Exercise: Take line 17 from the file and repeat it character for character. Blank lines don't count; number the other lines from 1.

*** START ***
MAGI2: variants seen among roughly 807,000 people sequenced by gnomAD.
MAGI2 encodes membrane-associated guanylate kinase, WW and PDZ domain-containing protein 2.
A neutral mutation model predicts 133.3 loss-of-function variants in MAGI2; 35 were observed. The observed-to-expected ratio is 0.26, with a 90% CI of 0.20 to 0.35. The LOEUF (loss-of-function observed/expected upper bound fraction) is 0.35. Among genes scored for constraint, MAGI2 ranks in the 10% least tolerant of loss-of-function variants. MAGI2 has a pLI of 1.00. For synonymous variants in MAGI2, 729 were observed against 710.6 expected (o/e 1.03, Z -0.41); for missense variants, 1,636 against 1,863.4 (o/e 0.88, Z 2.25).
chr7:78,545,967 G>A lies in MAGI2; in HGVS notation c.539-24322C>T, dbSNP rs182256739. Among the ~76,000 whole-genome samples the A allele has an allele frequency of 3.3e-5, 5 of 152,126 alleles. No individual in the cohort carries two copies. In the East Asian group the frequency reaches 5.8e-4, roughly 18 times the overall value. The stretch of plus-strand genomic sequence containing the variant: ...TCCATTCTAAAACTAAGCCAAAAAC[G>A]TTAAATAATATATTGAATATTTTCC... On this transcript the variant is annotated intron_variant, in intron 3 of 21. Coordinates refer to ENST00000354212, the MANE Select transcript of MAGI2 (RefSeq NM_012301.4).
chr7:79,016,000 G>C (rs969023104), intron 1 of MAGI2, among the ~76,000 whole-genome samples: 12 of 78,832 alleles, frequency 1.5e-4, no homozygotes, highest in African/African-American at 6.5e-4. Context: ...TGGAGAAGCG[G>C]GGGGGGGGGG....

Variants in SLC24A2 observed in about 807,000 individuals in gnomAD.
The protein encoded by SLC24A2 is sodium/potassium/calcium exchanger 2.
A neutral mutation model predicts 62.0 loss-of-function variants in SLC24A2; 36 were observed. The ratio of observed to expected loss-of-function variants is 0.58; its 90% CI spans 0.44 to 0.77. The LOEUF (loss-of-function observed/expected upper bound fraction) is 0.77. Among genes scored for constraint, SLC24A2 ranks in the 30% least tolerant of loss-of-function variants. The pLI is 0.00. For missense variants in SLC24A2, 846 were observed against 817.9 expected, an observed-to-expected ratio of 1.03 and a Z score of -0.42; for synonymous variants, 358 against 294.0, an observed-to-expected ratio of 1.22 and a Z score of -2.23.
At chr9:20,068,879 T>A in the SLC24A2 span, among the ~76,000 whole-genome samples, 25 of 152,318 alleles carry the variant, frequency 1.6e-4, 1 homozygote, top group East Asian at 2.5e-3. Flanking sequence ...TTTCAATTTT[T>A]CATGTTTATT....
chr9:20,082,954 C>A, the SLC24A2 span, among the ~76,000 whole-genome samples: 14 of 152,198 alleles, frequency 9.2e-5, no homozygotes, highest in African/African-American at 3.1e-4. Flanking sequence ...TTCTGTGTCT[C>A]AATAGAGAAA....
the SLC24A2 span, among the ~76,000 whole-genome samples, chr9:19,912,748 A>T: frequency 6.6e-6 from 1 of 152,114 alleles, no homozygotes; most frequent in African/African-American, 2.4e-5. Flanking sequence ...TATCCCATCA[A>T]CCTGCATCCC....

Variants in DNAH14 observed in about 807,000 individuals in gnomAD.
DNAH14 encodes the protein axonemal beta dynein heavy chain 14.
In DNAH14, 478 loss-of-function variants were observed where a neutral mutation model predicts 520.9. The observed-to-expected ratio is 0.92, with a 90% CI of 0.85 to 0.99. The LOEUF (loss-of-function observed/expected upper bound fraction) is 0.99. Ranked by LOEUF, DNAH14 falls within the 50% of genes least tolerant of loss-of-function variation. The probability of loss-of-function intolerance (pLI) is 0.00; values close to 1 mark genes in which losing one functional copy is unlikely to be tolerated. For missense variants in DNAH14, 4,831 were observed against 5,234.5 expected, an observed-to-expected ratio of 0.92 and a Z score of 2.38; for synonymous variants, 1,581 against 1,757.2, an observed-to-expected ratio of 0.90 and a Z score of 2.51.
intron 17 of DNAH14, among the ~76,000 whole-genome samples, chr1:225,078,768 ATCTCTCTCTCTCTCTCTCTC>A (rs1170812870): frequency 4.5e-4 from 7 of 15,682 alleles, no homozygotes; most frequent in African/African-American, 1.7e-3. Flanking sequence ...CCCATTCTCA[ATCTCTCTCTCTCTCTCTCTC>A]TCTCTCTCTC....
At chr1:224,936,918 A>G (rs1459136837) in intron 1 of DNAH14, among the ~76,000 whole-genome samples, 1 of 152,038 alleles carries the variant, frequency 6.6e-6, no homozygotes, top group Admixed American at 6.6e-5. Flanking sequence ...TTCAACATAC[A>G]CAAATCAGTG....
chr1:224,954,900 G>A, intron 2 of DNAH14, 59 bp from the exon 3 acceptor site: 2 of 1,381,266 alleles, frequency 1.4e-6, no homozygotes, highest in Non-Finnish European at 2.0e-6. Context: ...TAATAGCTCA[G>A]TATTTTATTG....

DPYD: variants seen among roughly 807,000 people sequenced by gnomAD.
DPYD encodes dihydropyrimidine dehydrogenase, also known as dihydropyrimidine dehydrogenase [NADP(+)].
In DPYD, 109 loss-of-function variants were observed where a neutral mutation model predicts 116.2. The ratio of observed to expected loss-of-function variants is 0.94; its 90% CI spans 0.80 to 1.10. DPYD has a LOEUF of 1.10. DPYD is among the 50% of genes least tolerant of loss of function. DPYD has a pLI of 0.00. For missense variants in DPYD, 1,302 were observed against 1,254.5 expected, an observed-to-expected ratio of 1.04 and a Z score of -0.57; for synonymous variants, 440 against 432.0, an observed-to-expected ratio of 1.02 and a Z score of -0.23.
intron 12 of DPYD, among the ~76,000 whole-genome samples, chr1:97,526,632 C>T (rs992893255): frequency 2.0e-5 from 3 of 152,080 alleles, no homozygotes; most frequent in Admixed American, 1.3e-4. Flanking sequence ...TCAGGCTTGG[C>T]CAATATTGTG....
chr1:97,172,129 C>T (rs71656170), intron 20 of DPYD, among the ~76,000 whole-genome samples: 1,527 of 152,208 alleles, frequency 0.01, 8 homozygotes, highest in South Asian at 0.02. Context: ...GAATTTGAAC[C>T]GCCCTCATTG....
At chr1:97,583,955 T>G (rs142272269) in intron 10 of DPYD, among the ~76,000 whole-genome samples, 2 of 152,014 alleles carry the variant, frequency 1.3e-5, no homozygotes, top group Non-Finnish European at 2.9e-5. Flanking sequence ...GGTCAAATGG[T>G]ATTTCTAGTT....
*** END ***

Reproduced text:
chr1:224,954,900 G>A, intron 2 of DNAH14, 59 bp from the exon 3 acceptor site: 2 of 1,381,266 alleles, frequency 1.4e-6, no homozygotes, highest in Non-Finnish European at 2.0e-6. Context: ...TAATAGCTCA[G>A]TATTTTATTG....